Ten Important Things to Know About your Home Search

Real Estate Insight

January 28, 2014

Home SearchBuying a home is a challenging process these days.  There are so many obstacles to overcome and so many potential bumps along the way.

However, with the help of a trusted real estate professional like myself, we can navigate the rough waters together and get to the closing table!  Here are the TEN most important things that I like to share with buyers during my initial client consultations.


  1. There is no such thing as a “perfect” house.  Homes are just like people – they all have problems.  Even if you decide to build a brand new custom home, there will always be things you wish were different.  While looking for a home, you must decide which “needs” and “wants” are most important to you and which things you can live without or compromise on.
  2. Do not begin your search without a pre-approval letter from a mortgage professional.  It only takes a short time (48 hours maximum) to receive the letter and by knowing what amount you qualify to purchase, you will be able to set a maximum amount in your search.  This will ensure that you are not looking at options outside of your price range.  If you are looking at homes in a much higher price range and then find out you can only qualify for half of that amount, it will make your search difficult and disappointing.  I promise you that the homes in your realistic price range will never compare to your dream price range.  Also, sellers will not review or accept a contract without a pre-approval letter, so it is best to have it ready and prepared as a first step in your home search.
  3. You may be approved for a total purchase amount higher than you desire to spend.  No matter what you find in the market, do not buy a home that is outside of your comfortable budget zone.  Buying a home is a huge financial commitment, and you cannot feasibly agree to “not eat out at restaurants” for the next 30 years, so please do not over-extend yourself.
  4. As difficult as it can be, you cannot fall in love with a home until you receive the keys at closing.  The saying “it ain’t over until it’s over” is true with buying a home, and it’s not “over” until the closing day.  This is a difficult one because you have to “love” a home enough to make an offer, but you also have to remain calm because many things can happen between a contract signing and closing.  For example, during your home inspection problems could turn up that need to be addressed.  If the seller isn’t willing to fix the problems or reduce the price, you will have to decide if you are going to walk away from the home or accept the home as-is.  It is easier to overcome obstacles like this along the way if you stay as neutral and unattached as possible.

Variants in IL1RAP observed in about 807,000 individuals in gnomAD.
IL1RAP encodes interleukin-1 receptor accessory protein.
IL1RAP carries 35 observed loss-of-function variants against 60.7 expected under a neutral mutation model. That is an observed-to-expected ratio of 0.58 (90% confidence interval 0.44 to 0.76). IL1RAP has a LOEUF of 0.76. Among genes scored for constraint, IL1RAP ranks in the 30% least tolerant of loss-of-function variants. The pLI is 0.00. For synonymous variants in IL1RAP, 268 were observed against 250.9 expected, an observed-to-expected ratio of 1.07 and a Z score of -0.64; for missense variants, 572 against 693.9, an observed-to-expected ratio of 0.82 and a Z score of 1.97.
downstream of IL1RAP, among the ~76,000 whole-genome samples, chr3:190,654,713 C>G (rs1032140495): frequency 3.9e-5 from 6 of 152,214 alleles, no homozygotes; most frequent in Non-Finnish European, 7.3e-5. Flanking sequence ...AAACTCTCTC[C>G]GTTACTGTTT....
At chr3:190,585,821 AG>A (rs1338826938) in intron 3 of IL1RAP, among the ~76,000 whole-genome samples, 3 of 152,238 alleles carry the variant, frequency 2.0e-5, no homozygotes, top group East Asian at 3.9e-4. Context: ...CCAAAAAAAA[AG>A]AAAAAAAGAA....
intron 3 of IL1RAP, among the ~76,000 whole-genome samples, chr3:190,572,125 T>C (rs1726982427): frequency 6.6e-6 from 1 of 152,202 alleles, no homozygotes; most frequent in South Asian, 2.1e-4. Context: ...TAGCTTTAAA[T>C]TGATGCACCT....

5. Always consider the option to build a new home, but never without bringing a real estate agent with you to the builder sites.  The sales associate employed by the builder only represents the builder and will not look out for your best interests.  Also, it is unfair but most builders will not allow a real estate agent to represent you later on if you have not brought them into the initial meetings.
  6. If you are not paying cash for a property, you will need to obtain a mortgage.  In order to obtain a mortgage, an appraisal will need to be completed.  The appraised value must be at or above the sale price noted on the contract.  If the home appraises for less than the negotiated sale price, the seller will have to reduce the sale price or the buyer will need to pay cash above the appraised value.
  7. The home inspections and the appraisal will need to be paid for “outside of closing,” sometime during the 30-45 days before closing.  You will pay the home inspection company directly upon scheduling and give the lender a credit card authorization form for the appraisal when it is ordered.  All other closing costs are lumped together and paid for by the buyer at closing.
  8. After signing the sales contract, you will need to provide a check to the title company for the Good Faith Deposit for an amount that will be outlined in the contract.  This amount is typically 1-2% of the sale price and will be held in an account by the title company until closing.  They will cash the check when they receive it.  At closing this deposit, which you have already “paid,” will be applied towards the purchase of the home.
  9. Most of the online real estate sites (Zillow, Trulia, etc) are terribly inaccurate. Just remember that these sites are run and managed by a computer, not a human being with a true pulse on the market.  Your real estate agent is your link to accurate, true, up-to-the-minute market information in your area.  If and when you find any homes that interest you on any of these sites, I will be happy to double-check to see if it is still available and if the information is accurate.
  10. HGTV is not real.  Don’t get me wrong, I am sure they are real buyers really buying homes.  However, please remember that hundreds of hours of footage is edited down to a cute, 30-minute show portraying only the most exciting moments of buying a home.  While they are fun to watch, these shows do not give buyers today a realistic idea of how tough it can be to purchase a home.

Tara Moore, REALTOR




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